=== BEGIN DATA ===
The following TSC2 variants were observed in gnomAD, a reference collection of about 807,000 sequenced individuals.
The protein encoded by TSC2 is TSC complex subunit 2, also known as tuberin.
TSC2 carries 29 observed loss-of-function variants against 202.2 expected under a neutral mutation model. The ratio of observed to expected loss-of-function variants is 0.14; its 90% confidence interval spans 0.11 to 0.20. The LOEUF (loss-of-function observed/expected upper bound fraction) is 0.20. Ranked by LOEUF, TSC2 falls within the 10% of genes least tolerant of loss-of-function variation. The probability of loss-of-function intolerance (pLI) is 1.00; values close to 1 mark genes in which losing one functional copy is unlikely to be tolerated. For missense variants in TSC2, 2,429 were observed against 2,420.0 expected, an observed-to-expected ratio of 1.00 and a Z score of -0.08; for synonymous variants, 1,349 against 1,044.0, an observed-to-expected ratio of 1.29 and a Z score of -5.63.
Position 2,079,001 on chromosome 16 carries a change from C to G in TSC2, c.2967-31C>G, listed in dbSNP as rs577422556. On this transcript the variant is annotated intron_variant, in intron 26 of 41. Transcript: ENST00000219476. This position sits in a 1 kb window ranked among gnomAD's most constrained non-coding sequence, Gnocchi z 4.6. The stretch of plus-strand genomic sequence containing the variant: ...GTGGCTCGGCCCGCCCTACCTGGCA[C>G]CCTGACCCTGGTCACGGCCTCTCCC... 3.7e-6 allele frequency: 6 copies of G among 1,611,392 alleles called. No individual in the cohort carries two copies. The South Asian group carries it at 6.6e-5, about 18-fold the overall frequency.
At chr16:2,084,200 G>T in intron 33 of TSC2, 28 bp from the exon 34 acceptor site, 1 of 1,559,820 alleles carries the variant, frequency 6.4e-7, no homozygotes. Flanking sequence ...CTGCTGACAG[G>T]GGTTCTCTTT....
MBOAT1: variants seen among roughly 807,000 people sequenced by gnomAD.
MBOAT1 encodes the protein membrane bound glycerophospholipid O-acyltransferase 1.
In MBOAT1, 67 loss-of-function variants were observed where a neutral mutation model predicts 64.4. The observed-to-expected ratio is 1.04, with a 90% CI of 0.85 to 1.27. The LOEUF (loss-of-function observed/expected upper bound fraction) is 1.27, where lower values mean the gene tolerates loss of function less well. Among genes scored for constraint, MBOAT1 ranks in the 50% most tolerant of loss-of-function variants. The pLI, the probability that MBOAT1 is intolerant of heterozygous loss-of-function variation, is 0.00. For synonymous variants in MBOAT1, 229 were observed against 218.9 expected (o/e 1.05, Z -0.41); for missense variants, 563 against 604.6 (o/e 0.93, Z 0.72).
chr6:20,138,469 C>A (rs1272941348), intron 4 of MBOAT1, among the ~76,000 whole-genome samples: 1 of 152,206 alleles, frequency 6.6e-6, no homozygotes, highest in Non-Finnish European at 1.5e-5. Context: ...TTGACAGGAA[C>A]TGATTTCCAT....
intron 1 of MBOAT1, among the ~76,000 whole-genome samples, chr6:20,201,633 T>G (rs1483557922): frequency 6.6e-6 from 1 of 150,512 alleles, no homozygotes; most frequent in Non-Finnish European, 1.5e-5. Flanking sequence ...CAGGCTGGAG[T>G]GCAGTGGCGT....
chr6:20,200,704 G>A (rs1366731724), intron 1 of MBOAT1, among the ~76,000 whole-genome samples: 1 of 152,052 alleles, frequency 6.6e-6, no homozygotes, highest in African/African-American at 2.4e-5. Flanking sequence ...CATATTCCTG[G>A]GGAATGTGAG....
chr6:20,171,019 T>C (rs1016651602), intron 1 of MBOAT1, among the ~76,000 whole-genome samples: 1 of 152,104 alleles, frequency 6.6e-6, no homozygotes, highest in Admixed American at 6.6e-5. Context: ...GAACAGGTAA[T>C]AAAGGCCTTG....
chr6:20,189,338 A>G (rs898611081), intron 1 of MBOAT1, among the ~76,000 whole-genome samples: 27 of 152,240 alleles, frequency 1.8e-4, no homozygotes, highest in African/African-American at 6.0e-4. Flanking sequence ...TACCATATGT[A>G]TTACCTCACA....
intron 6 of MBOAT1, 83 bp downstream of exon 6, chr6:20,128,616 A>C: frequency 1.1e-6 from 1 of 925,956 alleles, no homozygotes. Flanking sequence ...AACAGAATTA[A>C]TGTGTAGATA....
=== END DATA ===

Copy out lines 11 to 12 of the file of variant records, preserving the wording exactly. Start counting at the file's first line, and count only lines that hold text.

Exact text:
chr6:20,200,704 G>A (rs1366731724), intron 1 of MBOAT1, among the ~76,000 whole-genome samples: 1 of 152,052 alleles, frequency 6.6e-6, no homozygotes, highest in African/African-American at 2.4e-5. Flanking sequence ...CATATTCCTG[G>A]GGAATGTGAG....
chr6:20,171,019 T>C (rs1016651602), intron 1 of MBOAT1, among the ~76,000 whole-genome samples: 1 of 152,104 alleles, frequency 6.6e-6, no homozygotes, highest in Admixed American at 6.6e-5. Context: ...GAACAGGTAA[T>C]AAAGGCCTTG....